Black American Seeks Asylum in Canada Over Police Brutality
Kyle Canty says blacks are ‘being exterminated at an alarming rate’ and that he’ll only be safe north of the border.
It has been nearly two months since he crossed the border into Canada, fleeing the discrimination and state violence plaguing his home country.
In seeking refugee status before Canada’s Immigration and Refugee Board in Vancouver, Kyle Lydell Canty argued that belongs to a vulnerable minority that is “being exterminated at an alarming rate” in his homeland.
Canty was referring to the United States and police brutality.
“I’m in fear of my life because I’m black,” Canty, 30, told the board during his hearing on Oct. 23, where he cited the killings of Michael Brown in Missouri and Eric Garner in New York. “This is a well-founded fear.”
Canty, who was born in New York, has resided in six states over the span of three decades. He traveled to Vancouver early last month as a tourist, but says he decided to apply for refugee status shortly after his arrival. He now resides at a homeless shelter.“When I see the police coming in the U.S., I cross the street,” he said.
In presenting his case before the IRB, Canty submitted evidence that he claims demonstrates that cops have harassed and profiled him in every state he’s lived in.
“I got bothered because I’m black,” he alleges. “This is a history of false arrest. My name is ruined because of the false arrest.”
In Canada, however, Canty says he does not perceive any existential threat from law enforcement and that he is more than comfortable interacting with Canadian authorities.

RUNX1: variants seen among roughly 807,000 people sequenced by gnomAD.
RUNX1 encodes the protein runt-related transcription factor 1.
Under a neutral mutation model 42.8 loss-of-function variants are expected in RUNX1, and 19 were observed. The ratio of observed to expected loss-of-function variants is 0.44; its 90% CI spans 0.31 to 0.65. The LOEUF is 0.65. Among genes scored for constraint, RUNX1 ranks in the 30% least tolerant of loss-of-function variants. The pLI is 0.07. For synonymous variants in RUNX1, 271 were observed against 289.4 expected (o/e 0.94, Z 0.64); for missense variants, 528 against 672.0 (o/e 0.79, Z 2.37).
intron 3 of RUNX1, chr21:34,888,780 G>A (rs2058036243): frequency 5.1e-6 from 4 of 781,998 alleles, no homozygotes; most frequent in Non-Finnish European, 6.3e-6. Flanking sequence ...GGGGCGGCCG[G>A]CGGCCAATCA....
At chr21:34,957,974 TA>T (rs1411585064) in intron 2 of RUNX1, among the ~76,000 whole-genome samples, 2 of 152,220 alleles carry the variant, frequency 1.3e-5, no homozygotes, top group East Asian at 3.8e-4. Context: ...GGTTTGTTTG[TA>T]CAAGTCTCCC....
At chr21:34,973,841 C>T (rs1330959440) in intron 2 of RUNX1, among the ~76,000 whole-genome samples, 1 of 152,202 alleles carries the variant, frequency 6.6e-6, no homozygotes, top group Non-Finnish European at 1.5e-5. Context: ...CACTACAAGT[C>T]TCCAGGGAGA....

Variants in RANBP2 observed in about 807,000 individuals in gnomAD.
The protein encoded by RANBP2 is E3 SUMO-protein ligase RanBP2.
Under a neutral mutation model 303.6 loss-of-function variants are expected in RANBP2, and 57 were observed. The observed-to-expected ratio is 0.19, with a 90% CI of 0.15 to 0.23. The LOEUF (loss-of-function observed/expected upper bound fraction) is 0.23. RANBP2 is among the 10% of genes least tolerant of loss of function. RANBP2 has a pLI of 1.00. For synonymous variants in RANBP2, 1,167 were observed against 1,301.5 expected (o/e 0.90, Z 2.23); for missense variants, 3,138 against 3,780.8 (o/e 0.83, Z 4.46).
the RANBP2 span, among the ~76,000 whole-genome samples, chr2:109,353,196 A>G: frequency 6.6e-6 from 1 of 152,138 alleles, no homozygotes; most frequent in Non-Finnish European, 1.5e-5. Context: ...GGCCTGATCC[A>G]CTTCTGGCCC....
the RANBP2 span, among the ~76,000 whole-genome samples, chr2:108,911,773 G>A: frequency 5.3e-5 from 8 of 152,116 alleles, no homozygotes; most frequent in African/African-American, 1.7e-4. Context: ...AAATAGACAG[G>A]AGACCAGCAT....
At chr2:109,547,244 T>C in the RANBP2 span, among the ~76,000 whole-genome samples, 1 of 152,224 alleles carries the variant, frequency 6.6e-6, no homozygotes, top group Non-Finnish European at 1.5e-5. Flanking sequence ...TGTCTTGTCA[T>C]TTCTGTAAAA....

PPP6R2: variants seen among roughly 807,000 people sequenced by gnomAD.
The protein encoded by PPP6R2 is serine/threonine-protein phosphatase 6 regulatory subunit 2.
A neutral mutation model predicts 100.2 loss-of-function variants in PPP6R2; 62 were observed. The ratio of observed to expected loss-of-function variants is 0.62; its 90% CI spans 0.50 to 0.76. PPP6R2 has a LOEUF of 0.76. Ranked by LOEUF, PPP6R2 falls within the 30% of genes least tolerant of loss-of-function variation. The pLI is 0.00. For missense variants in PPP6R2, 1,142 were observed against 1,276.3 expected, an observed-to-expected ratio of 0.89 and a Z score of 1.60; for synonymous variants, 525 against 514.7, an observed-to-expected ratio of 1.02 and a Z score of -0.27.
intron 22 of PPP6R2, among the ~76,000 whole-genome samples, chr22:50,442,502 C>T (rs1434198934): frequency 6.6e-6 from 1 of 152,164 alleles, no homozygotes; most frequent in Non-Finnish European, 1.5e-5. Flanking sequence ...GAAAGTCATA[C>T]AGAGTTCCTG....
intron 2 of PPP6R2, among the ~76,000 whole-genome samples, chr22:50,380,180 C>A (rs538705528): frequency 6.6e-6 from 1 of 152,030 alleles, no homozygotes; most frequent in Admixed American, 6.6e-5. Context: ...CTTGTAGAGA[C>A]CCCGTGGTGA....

During his hearing, Canty also discussed his outstanding criminal charges in the U.S., including ones for disorderly conduct, issuing threats, and resisting arrest.Melissa Anderson, the IRB spokeswoman for this case, told The Daily Beast that a decision regarding Canty’s application would likely be issued within the next few weeks. When asked if she would characterize this as an unusual case, Anderson demurred, but said that she is “not aware of any” other cases like this in Canada, but couldn’t be sure.“For us, every case is unique,” she said. “Refugee protection and refugee discrimination, this is a complex issue.”Canada has accepted American refugees before. In 2013, three U.S. citizens were granted asylum, for instance. In 2010, actor Randy Quaid applied for refugee status, claiming he was being persecuted and possibly marked for death by “Hollywood star whacker” assassins. (He later withdrew his claim.)